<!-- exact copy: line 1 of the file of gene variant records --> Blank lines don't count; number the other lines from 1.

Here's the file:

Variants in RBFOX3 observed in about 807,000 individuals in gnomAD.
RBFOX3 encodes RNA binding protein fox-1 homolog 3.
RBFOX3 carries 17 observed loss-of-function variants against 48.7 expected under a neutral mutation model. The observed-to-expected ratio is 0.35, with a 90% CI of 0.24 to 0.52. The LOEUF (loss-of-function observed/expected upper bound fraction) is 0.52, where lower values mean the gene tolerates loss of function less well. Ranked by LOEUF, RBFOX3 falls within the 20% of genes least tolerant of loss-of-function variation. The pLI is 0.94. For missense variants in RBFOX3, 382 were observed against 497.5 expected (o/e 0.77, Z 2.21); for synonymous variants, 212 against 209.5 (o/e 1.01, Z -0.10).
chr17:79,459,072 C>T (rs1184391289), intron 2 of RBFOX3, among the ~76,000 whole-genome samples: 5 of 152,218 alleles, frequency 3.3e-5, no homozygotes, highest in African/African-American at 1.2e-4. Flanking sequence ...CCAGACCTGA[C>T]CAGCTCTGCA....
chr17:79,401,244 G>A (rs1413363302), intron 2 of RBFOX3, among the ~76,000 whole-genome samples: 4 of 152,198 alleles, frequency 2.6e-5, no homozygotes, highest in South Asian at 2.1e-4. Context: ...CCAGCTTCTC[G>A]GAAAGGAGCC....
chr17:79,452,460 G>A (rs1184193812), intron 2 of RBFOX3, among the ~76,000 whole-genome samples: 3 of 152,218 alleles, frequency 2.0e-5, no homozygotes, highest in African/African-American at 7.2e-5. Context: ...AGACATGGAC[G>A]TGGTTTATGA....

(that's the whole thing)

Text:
Variants in RBFOX3 observed in about 807,000 individuals in gnomAD.